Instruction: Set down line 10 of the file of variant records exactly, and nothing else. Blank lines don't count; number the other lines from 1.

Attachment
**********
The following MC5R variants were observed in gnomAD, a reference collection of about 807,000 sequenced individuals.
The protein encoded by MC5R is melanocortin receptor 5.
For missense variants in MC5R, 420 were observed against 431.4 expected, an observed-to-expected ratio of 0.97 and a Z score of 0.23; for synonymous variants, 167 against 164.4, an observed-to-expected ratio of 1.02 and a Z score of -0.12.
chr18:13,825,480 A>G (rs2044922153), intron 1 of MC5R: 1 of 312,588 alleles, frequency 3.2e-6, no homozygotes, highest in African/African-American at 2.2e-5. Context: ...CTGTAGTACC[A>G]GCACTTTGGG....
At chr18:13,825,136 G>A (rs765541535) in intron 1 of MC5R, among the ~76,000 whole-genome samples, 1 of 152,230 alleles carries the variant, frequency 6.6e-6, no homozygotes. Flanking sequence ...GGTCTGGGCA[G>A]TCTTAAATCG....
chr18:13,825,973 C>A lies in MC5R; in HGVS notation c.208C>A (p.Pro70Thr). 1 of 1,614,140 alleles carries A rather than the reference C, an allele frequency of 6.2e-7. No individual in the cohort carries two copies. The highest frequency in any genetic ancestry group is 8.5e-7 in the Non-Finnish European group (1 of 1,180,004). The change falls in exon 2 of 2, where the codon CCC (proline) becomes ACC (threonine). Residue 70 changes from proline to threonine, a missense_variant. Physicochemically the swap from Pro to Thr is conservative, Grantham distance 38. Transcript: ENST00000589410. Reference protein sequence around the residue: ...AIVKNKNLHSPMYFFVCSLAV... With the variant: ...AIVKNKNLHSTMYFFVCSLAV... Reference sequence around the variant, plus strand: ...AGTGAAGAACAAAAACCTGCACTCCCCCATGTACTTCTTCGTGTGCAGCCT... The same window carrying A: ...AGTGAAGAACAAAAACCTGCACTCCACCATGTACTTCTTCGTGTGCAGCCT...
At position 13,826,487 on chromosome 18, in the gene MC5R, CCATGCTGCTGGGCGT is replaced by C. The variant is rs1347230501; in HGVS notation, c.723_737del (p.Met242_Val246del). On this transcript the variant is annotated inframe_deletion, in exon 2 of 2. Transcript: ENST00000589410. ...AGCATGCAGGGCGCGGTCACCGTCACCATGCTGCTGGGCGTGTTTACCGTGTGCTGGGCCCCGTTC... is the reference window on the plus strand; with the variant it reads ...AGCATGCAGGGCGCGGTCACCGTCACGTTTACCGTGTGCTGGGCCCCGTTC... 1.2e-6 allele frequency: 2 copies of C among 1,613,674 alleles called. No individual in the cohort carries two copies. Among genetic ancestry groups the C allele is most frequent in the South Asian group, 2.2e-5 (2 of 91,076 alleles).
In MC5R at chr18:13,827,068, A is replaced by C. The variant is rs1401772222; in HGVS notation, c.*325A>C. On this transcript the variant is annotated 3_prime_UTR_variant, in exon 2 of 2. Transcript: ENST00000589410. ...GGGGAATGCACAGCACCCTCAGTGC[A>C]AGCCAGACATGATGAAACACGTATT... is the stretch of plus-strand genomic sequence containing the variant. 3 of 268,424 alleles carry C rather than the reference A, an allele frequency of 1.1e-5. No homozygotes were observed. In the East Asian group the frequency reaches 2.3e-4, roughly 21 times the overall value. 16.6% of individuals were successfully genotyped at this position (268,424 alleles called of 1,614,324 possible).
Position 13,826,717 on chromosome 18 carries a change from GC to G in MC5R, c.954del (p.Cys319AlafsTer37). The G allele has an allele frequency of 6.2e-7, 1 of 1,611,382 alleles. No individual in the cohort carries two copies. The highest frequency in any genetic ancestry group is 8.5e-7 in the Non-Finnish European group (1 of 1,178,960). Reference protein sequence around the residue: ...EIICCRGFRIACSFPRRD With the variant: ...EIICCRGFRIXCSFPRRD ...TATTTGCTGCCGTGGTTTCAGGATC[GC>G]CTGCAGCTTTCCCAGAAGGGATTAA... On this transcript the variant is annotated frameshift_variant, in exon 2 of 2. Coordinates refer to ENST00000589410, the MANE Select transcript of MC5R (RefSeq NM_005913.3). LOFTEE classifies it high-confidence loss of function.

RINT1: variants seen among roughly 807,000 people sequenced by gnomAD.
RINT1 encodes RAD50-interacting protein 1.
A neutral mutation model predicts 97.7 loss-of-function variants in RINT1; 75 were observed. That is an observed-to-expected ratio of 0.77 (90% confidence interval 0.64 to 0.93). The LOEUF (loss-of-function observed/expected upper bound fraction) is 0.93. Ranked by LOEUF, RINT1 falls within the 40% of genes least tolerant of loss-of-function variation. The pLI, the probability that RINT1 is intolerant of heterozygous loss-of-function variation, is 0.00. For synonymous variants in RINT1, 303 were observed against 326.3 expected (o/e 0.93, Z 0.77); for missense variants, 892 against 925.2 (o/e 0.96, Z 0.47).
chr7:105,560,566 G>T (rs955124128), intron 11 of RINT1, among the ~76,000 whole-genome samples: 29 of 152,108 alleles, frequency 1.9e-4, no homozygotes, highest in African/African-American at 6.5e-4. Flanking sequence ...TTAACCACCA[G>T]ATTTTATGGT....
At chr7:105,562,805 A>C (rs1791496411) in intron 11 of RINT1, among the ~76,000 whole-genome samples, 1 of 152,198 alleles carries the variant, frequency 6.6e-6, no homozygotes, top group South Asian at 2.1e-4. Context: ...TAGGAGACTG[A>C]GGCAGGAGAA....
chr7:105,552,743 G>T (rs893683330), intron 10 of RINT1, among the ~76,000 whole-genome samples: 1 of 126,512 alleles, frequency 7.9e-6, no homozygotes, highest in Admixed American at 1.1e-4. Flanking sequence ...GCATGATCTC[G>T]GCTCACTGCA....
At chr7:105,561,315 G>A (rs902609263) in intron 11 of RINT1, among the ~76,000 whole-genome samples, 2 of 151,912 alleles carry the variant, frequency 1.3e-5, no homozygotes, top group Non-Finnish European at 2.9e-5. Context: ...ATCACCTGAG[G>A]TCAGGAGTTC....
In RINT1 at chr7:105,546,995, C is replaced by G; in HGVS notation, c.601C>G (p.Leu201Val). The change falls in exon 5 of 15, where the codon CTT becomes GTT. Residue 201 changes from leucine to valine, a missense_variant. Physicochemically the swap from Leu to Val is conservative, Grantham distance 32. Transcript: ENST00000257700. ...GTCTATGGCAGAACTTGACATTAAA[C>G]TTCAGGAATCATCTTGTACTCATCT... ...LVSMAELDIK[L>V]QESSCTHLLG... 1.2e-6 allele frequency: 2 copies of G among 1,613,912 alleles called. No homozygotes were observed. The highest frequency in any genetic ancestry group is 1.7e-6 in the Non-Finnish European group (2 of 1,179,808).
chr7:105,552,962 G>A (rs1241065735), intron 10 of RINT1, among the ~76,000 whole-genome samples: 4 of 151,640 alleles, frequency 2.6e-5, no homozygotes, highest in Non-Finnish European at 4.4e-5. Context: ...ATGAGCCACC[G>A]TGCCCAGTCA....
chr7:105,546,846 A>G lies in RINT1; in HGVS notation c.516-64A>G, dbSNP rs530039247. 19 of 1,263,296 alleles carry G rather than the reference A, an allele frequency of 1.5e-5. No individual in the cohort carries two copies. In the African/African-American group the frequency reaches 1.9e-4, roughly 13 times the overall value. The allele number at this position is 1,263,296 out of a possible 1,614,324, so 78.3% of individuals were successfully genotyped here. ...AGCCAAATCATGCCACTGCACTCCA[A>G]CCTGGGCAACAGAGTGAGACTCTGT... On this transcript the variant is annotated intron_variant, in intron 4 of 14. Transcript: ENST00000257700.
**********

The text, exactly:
RINT1: variants seen among roughly 807,000 people sequenced by gnomAD.